Dr. Amy Summerville
Like my own research, my teaching focuses largely on the field of Social Cognition, how basic properties of attention and memory shape our responses to the social world. My teaching philosophy centers on the belief that we learn by doing; specifically, I strongly believe in building ongoing writing practice into my courses, as well as building the habits of reading and critical thinking that scholars in the field develop over time. I encourage students to connect course material to real-life applications both in this writing and in our class discussions, and direct an internship partnership with Procter and Gamble that enables both undergraduate and graduate students to gain experience applying psychological expertise to applied research contexts.
My research is focused on understanding when and why people think about “what might have been,” and the effects of these thoughts in applied, everyday contexts. I’m particularly interested in the experience of regret, the negative emotion stemming from the realization that one’s actions could have resulted in better outcomes than actually occurred. I have done work examining what regrets individuals report both in real life and in lab contexts. This work has informed theoretical work focused on the functional nature of regret, and the role of opportunity in the strength of regret. My research also focuses on the decision to seek vs. avoid information about foregone options, and how this decision may be a strategic response to regret.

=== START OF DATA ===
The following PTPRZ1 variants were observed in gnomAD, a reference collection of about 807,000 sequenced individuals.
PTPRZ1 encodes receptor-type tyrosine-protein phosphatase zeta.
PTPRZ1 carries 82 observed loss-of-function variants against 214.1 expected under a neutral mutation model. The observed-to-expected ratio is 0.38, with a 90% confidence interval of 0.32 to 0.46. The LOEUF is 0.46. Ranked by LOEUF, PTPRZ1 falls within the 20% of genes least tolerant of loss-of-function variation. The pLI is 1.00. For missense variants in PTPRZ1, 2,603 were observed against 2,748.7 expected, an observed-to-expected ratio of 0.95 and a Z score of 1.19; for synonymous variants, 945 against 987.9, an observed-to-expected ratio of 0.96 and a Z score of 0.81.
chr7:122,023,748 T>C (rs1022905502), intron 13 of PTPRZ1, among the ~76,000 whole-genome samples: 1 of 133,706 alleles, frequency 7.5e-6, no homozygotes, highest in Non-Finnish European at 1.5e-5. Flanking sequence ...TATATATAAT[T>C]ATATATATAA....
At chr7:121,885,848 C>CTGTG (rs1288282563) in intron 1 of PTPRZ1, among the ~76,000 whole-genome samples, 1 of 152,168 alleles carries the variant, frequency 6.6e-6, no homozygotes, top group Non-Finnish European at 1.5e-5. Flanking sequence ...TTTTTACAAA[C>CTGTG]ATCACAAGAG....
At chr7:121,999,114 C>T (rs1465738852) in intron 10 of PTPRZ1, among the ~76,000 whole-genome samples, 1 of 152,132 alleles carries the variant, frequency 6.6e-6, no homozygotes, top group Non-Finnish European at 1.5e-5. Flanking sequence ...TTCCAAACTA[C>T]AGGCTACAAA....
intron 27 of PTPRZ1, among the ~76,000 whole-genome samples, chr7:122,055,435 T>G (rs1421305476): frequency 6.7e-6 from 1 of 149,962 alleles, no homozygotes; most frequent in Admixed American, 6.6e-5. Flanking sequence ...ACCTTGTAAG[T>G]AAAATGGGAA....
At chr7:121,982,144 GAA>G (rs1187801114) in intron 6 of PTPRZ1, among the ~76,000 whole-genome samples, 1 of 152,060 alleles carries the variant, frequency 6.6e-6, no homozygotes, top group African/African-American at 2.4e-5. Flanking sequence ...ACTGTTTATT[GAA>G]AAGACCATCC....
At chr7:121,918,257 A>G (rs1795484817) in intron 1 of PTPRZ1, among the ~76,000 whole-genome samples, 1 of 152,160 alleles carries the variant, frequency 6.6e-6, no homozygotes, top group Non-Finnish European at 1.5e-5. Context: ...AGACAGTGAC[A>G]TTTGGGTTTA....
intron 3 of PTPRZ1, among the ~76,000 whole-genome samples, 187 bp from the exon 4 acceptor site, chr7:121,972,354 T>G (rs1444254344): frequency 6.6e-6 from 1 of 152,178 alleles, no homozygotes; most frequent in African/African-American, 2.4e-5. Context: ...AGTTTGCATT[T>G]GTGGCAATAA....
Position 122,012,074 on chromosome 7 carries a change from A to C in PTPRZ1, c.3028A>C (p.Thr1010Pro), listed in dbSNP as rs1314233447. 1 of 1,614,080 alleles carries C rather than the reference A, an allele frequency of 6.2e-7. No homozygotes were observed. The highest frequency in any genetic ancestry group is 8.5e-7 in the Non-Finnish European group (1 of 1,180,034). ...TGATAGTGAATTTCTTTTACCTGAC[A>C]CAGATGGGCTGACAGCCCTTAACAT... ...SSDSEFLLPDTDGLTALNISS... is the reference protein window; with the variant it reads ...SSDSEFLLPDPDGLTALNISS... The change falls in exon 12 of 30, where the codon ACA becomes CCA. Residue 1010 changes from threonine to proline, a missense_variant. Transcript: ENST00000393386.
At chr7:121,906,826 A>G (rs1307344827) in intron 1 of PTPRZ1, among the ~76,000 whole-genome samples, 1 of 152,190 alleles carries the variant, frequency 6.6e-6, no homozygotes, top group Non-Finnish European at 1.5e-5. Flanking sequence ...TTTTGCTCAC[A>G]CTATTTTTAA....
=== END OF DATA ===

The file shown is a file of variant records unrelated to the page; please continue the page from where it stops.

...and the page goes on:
Summerville, A. (2011). The rush of regret: A longitudinal analysis of naturalistic regrets. Social Psychological and Personality Science, 2, 627-634.
Summerville, A. (2011). Counterfactual-seeking: The scenic overlook of the road not taken. Personality and Social Psychology Bulletin, 37, 1522-1533.
Summerville, A., & Roese, N. J. (2008). Dare to Compare: Fact based versus simulation based comparison in daily life. Journal of Experimental Social Psychology, 44, 664-671.
Summerville, A., & Roese, N. J. (2008). Self-report measures of individual differences in regulatory focus: A cautionary note. Journal of Research in Personality, 42, 247-254.
Roese, N. J., Summerville, A., & Fessel, F. (2007). Regret and behavior: Comment on Zeelenberg and Pieters. Journal of Consumer Psychology, 17, 25-28.
Roese, N. J., & Summerville, A. (2005). What we regret most … and why. Personality and Social Psychology Bulletin, 31, 1273-1285.